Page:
Remembering Muhammad Ali: “I declare support for the Palestinian struggle to liberate their homeland”

muhammad ali

On the occasion of the passing of legendary athlete and struggler for justice, Muhammad Ali, Samidoun Palestinian Prisoner Solidarity Network joins millions around the world in remembering Ali’s historic legacy of commitment to the liberation of oppressed peoples and his willingness to sacrifice in order to adhere to those principles.

In 1985, Ali traveled to Israel in an attempt to secure the release of Lebanese and Palestinian prisoners imprisoned in occupied Southern Lebanon. This followed on his visits to Palestinian refugee camps in 1974, when he declared in Beirut that “the United States is the stronghold of Zionism and imperialism.” While visiting Palestinian refugee camps in South Lebanon, he declared “In my name and the name of all Muslims in America, I declare support for the Palestinian struggle to liberate their homeland and oust the Zionist invaders.”

Ali championed the Black liberation struggle on multiple fronts; within the United States, and as a force against US imperialism worldwide. He wrote poetry in tribute to the Black leaders of the Attica prison uprising. At the height of his career, Muhammad Ali refused to fight in the Vietnam War in 1967, was sentenced to five years in prison and stripped of his title. When asked about his refusal while participating in a Louisville housing justice struggle, Ali said:

“Why should they ask me to put on a uniform and go 10,000 miles from home and drop bombs and bullets on Brown people in Vietnam while so-called Negro people in Louisville are treated like dogs and denied simple human rights? No I’m not going 10,000 miles from home to help murder and burn another poor nation simply to continue the domination of white slave masters of the darker people the world over. This is the day when such evils must come to an end.

I have been warned that to take such a stand would cost me millions of dollars. But I have said it once and I will say it again. The real enemy of my people is here. I will not disgrace my religion, my people or myself by becoming a tool to enslave those who are fighting for their own justice, freedom and equality.

If I thought the war was going to bring freedom and equality to 22 million of my people they wouldn’t have to draft me, I’d join tomorrow. I have nothing to lose by standing up for my beliefs. So I’ll go to jail, so what? We’ve been in jail for 400 years.”

Dave Zirin writes, “Ali’s refusal to fight in Vietnam was front-page news all over the world. In Guyana there was a picket of support in front of the US embassy. In Karachi, young Pakistanis fasted. And there was a mass demonstration in Cairo.”  While Ali’s later depoliticization and cooperation with the US government speak to a more complex legacy, the national and international resonance of his resistance to imperialism in the 1960s and 1970s at the height of his athletic greatness echoed around the world.

Ali’s history of struggle illustrates the lengthy and deep history of joint struggle and mutual solidarity among oppressed peoples and national liberation movements, and that Palestinian refugee camps in Lebanon – and the Black Liberation Movement – were centers and incubators not only for the Palestinian revolution and Black struggle, but revolutionary movements the world over. We recall Ali’s role in representing a deep and collective legacy of resistance to imperialism, to anti-Black racism, and to Zionism, and of the struggle to free prisoners – and peoples – from the jails these systems of oppression create.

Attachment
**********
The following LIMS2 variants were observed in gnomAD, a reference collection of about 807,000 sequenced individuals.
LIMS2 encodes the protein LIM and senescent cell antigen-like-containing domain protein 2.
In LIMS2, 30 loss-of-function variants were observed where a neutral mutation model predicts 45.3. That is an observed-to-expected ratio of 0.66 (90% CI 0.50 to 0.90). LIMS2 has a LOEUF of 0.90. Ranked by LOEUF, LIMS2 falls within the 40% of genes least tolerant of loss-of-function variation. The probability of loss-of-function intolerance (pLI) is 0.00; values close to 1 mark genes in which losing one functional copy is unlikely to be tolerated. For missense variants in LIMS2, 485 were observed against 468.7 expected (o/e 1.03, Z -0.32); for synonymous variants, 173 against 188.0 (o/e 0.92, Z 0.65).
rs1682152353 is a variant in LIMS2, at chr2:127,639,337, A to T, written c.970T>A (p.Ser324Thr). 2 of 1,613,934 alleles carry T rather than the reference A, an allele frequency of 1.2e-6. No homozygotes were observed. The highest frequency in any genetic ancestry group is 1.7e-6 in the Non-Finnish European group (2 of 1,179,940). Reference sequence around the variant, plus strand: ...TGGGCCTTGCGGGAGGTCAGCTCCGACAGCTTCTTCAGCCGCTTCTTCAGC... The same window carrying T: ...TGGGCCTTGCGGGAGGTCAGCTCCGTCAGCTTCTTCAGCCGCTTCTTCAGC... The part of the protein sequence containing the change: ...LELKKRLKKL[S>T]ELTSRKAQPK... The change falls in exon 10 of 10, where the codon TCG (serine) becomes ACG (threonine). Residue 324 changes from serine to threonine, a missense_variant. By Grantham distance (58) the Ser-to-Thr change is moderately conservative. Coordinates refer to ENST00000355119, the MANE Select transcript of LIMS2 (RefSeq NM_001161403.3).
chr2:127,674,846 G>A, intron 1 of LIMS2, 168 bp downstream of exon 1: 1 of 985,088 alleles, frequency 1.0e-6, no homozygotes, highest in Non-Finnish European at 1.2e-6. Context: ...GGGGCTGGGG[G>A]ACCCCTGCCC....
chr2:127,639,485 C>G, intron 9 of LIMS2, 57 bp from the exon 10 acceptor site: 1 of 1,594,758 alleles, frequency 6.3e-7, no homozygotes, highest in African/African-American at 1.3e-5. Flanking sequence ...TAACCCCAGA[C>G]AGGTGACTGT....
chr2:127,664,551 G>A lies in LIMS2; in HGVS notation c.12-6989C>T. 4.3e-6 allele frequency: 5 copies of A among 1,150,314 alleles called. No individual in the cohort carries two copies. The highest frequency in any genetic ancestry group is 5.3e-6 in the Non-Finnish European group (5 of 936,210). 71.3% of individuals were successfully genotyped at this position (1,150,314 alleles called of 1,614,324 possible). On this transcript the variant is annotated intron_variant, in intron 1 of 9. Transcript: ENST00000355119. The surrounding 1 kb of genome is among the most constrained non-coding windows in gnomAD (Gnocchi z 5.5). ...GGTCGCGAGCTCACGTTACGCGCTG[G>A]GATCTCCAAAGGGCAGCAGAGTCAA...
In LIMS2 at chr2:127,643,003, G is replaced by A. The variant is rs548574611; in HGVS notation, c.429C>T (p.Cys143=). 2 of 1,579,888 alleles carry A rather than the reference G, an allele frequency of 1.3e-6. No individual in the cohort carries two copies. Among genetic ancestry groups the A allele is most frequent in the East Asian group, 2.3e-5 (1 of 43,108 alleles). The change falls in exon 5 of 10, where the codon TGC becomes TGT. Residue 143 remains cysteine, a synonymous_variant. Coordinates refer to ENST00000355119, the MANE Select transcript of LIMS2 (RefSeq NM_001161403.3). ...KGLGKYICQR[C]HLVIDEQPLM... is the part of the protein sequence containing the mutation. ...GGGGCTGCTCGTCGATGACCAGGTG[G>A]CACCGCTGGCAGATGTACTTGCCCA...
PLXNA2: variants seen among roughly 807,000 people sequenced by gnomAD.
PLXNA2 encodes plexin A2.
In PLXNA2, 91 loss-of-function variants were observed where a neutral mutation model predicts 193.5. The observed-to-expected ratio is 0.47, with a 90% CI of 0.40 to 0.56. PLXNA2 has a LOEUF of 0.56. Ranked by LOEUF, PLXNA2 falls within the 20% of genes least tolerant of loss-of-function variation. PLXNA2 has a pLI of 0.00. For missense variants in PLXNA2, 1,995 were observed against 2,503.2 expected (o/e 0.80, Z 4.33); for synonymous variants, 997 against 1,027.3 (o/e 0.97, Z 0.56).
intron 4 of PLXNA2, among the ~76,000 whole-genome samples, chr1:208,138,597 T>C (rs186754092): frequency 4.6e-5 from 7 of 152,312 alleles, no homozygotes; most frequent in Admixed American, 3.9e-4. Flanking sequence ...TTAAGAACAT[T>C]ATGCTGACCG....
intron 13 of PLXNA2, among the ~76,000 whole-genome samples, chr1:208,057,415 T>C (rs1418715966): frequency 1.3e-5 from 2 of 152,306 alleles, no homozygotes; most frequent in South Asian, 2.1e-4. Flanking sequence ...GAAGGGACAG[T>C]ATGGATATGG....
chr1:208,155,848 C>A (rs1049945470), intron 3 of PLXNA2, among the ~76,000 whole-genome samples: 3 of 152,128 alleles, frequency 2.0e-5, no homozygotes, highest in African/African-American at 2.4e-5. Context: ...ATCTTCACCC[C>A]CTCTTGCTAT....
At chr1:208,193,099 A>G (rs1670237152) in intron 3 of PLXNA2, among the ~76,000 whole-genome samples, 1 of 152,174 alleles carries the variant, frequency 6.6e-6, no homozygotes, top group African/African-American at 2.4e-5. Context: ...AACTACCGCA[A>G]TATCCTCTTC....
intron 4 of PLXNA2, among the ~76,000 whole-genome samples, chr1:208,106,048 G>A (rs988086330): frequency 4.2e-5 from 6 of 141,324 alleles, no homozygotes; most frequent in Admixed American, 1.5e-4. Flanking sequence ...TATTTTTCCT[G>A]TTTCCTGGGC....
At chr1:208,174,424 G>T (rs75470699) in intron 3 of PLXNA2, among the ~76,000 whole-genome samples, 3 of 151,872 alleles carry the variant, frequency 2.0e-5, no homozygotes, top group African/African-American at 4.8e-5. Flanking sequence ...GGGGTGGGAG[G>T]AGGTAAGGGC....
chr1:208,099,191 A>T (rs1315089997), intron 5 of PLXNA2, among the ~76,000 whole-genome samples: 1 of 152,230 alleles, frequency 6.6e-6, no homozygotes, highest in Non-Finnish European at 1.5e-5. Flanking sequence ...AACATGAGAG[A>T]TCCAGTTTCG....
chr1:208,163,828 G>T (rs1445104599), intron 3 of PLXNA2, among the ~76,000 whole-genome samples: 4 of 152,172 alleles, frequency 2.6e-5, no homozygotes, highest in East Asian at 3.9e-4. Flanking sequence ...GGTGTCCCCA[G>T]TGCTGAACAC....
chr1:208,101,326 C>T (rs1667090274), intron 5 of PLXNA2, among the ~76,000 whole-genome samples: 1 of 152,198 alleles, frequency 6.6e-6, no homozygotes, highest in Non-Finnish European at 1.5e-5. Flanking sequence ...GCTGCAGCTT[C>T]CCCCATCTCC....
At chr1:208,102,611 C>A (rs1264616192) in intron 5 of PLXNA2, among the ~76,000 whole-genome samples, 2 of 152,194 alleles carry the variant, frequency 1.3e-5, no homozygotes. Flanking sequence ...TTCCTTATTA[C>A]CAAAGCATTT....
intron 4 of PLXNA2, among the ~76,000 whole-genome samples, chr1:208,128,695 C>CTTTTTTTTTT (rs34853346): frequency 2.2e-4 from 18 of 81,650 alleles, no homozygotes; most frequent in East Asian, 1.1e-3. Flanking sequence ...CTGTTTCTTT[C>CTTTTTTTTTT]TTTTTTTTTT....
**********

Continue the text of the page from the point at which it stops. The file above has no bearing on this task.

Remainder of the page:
(Source / 05.06.2016)

Tags: #ICC4Israel

Video of the Week New Clashes Erupt Between Israeli Security Forces, Muslim Worshippers

Temple Mount temporarily closed to Jewish visitors after clashes with police




The Temple Mount was temporarily closed to Jewish visitors on Wednesday at the order of Jerusalem District Commander Yoram Halevy after Jews broke visitation rules at the holy site, police said. The Jewish visitors were expelled from the compound for bringing sacred books to the Mount and trying to pray there. After one of the individuals was cautioned, another took out a holy book, and the group was expelled. Meanwhile, renewed clashes erupted between protesters and Israeli security forces near the Lion's Gate in the Old City, where police used stun grenades against the demonstrators. A regular dynamic has developed involving clashes between Palestinians and Israel Police over the past several days near the Lion's Gate. Dozens of Palestinians are present at the site on a regular basis, urging devotion to the Al-Aqsa Mosque on the Temple Mount and condemning Israel. During Muslim prayer times, particularly the midday and nighttime prayers, hundreds and sometimes even thousands have been gathering there.

There have been outbreaks of violence during these periods, including stone-throwing or physical confrontations with the police. In most of these incidents, the police have been using stun grenades and sponge-tipped bullets to disperse the crowds. In a number of cases, journalists in the area have also suffered violence at the hands of the police. On Tuesday, Hassan Shaalan, a reporter for the Ynet news website, was struck by a policeman even after he identified himself as a member of the press. A group of Jerusalem-based journalists released a statement of condemnation over the incident and called on the police to permit reporters to do their jobs. The Jerusalem Police responded: "This involved an incident that took place in the course of violent disturbances of the peace that occurred in Jerusalem while the police were acting to remove the demonstrators from the street after some of them refused to vacate. The forces working on the scene are under constant threat to their lives. http://www.haaretz.com/israel-news/1.802141

Boycott Israeli diamond